Finally, I am contemplating starting a newsletter that would include writing and life updates, perhaps images, and snippets from current works in progress. If that is something you might be interested in receiving via e-mail please leave me a comment letting me know! If several of you might enjoy that, I will get it set up and linked for subscriptions soon.
I hope that you all have a wonderful and blessed week. Don’t forget to check out Soul Stained Ink, the blog and/or the BookTube channel, and get your copy of A Game of Thrones ready!
This past week was a doozy in the world of words I like to surround myself with and snuggle down in to.
First of all, I joined a Buddy Read/Group Read of The Night Circus by Erin Morgenstern which began for most of us on Monday, June 27th and is continuing on as people read and discuss at their own rates (One of the readers set up a thread on an existing Goodreads group) and so we are all still delving into the book even if we’ve finished as more of our compatriots comment on the different sections. I, myself, completed this book around Wednesday and absolutely adored it (rating around 4.5 stars, but I bumped it up to a full 5 or Goodreads). I own the beautiful floppy paperback version and also borrowed the audio book from Overdrive. It was fabulous, though the physical copy makes it a bit easier to follow the fluid and jumping time frames.
In the middle of reading The Night Circus, a read-a-thon started up…one that I have been anticipating and refining my TBR list for over the past 2 months. The #SmoresandMayhem Middle Grade Read-a-thon ran from July 1st – July 8th and had only one ‘rule’: each book must focus on a story that takes place during/in/around summertime.
For #SmoresandMayhem I managed to read 5 1/2 books (and DNF 1 more).
I re-read The Babysitter’s Club Super Special 1: Babysitters on Board (By Ann M. Martin) and High Wizardry (By Diane Duane). I haven’t read either of these books in so long that it was almost as though I read them for the first time. I remember loving the BSC book and feeling a bit MEH about the wizarding book and..my feelings haven’t really changed, except that I’m more outspoken about them now.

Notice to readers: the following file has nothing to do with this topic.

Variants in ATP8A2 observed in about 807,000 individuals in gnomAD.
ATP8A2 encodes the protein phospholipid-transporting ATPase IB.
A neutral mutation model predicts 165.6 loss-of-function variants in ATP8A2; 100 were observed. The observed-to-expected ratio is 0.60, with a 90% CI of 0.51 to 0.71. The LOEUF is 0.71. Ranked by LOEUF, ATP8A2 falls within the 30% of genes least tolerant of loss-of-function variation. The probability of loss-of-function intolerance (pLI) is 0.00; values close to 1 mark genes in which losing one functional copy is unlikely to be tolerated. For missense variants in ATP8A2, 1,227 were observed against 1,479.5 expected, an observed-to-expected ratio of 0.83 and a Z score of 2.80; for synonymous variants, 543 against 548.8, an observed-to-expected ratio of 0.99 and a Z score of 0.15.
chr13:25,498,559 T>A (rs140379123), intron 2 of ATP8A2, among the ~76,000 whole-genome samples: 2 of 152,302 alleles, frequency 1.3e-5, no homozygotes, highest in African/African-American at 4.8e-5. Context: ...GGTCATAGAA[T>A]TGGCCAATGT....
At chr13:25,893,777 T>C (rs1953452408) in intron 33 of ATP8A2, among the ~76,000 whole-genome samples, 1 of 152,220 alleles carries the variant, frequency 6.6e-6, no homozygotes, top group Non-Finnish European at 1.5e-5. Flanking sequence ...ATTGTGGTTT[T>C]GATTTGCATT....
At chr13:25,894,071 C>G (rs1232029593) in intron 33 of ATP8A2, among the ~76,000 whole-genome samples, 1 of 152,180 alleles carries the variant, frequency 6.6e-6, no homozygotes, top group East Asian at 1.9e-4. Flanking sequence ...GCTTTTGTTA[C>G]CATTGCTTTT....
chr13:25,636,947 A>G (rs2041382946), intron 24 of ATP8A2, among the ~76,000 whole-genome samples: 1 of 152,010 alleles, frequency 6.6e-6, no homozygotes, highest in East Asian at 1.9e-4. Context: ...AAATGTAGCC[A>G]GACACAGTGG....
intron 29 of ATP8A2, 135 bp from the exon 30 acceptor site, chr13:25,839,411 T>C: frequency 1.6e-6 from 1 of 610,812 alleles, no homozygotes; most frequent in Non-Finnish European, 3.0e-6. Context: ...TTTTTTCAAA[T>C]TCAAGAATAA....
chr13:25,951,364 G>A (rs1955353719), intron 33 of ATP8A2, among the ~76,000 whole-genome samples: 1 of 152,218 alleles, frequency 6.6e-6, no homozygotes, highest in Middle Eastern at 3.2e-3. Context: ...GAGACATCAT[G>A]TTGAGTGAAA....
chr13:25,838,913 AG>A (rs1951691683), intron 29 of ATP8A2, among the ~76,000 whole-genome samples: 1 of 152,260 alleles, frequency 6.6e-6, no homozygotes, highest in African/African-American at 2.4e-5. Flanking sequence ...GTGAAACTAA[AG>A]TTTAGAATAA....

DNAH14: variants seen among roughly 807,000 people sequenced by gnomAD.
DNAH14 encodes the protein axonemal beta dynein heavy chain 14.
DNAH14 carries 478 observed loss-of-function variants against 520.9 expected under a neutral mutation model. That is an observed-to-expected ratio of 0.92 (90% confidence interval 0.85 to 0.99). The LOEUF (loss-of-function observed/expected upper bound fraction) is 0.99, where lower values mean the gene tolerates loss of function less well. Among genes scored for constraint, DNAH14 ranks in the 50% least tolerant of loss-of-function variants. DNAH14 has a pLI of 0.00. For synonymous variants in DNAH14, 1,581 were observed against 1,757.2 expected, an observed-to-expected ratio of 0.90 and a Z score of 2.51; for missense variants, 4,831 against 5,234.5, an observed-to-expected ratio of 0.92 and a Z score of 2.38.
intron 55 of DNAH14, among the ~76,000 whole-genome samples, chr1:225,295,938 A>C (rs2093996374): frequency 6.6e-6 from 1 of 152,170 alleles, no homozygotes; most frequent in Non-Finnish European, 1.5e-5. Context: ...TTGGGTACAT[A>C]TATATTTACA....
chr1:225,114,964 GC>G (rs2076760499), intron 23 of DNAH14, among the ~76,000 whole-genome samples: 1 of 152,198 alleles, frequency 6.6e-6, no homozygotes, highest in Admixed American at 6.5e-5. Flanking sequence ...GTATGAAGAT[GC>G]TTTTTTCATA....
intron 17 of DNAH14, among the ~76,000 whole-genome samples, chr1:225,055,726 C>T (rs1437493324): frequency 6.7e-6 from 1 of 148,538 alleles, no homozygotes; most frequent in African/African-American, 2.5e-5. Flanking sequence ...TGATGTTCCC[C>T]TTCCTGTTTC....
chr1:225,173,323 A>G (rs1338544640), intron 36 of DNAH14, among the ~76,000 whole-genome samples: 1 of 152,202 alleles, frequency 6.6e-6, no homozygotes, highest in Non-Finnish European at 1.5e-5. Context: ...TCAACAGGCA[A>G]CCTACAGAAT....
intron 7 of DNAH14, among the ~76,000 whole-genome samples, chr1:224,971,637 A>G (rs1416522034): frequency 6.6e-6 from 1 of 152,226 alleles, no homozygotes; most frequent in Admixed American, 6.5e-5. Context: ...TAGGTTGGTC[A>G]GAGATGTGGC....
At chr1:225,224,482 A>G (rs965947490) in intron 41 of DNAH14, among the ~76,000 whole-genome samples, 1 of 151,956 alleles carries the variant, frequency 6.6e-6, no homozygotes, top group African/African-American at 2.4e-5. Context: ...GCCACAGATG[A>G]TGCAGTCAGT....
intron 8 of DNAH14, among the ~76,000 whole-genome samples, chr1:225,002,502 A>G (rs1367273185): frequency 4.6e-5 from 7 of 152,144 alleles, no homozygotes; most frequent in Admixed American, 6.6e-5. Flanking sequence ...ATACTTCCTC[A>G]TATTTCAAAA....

Along with those two I also completed Deep and Dark and Dangerous (By Mary Downing Hahn), The Wish in the Bottle (By Morna McLeod), and Escape from Mr. Lemoncello’s Library (By Chris Grabenstein) (this was read on audio book and it was AMAZING. Listen to it!). I quit on The Girl who Circumnavigate Fairyland in a Ship of Her Own Making (By Catherynne M. Valente) within the first two chapters. I have handed it over to my mother in order to determine if this is a book that I really do need to try to read again later, when I’m not still on a high from reading a couple of 5 star books prior to picking it up. I’m having the same issue with my 1/2 read book, The Westing Game (By Ellen Raskin)
The cool thing though, is that all the only physical library book I checked out for all of this was High Wizardry…meaning that I knocked out 6 books from my little TBR bookshelves. I’m down to about 45 now!
With all of that reading going on, I did kind of neglect my #HotandSticky Summer Writing Challenge work. I’m still a bit ahead of the game, but not by much with three days of 0 word count so far this month. Today’s (Friday, July 8th) ending target total word count 19,032 and my total current word count is 22,169. I definitely need to get my booty in gear again!